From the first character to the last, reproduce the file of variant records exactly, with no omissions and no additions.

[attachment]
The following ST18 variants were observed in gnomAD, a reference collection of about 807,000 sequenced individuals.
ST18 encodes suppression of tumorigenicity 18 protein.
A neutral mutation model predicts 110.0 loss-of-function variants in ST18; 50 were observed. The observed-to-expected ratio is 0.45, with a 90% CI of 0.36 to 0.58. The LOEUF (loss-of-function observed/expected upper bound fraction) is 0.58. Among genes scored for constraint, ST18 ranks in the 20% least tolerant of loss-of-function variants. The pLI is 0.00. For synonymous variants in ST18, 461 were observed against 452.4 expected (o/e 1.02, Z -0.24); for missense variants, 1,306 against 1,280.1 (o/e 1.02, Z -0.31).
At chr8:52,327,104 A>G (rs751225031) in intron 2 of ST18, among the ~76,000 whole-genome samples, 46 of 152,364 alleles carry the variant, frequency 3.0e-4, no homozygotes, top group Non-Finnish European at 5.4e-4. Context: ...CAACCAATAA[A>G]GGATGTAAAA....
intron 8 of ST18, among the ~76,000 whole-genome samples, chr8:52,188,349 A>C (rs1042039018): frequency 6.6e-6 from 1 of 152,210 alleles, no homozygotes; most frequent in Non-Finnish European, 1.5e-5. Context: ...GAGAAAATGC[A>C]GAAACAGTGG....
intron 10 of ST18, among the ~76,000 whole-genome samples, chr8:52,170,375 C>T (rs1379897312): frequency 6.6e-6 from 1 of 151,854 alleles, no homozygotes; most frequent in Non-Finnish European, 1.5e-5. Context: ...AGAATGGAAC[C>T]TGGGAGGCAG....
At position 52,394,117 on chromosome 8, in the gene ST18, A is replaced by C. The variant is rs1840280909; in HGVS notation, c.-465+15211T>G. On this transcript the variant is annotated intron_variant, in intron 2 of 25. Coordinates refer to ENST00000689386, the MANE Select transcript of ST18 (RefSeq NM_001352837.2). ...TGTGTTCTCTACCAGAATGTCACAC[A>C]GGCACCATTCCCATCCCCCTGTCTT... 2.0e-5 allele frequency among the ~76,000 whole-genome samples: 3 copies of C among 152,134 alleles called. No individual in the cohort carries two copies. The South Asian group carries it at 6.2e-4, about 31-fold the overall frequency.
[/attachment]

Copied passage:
The following ST18 variants were observed in gnomAD, a reference collection of about 807,000 sequenced individuals.
ST18 encodes suppression of tumorigenicity 18 protein.
A neutral mutation model predicts 110.0 loss-of-function variants in ST18; 50 were observed. The observed-to-expected ratio is 0.45, with a 90% CI of 0.36 to 0.58. The LOEUF (loss-of-function observed/expected upper bound fraction) is 0.58. Among genes scored for constraint, ST18 ranks in the 20% least tolerant of loss-of-function variants. The pLI is 0.00. For synonymous variants in ST18, 461 were observed against 452.4 expected (o/e 1.02, Z -0.24); for missense variants, 1,306 against 1,280.1 (o/e 1.02, Z -0.31).
At chr8:52,327,104 A>G (rs751225031) in intron 2 of ST18, among the ~76,000 whole-genome samples, 46 of 152,364 alleles carry the variant, frequency 3.0e-4, no homozygotes, top group Non-Finnish European at 5.4e-4. Context: ...CAACCAATAA[A>G]GGATGTAAAA....
intron 8 of ST18, among the ~76,000 whole-genome samples, chr8:52,188,349 A>C (rs1042039018): frequency 6.6e-6 from 1 of 152,210 alleles, no homozygotes; most frequent in Non-Finnish European, 1.5e-5. Context: ...GAGAAAATGC[A>C]GAAACAGTGG....
intron 10 of ST18, among the ~76,000 whole-genome samples, chr8:52,170,375 C>T (rs1379897312): frequency 6.6e-6 from 1 of 151,854 alleles, no homozygotes; most frequent in Non-Finnish European, 1.5e-5. Context: ...AGAATGGAAC[C>T]TGGGAGGCAG....
At position 52,394,117 on chromosome 8, in the gene ST18, A is replaced by C. The variant is rs1840280909; in HGVS notation, c.-465+15211T>G. On this transcript the variant is annotated intron_variant, in intron 2 of 25. Coordinates refer to ENST00000689386, the MANE Select transcript of ST18 (RefSeq NM_001352837.2). ...TGTGTTCTCTACCAGAATGTCACAC[A>C]GGCACCATTCCCATCCCCCTGTCTT... 2.0e-5 allele frequency among the ~76,000 whole-genome samples: 3 copies of C among 152,134 alleles called. No individual in the cohort carries two copies. The South Asian group carries it at 6.2e-4, about 31-fold the overall frequency.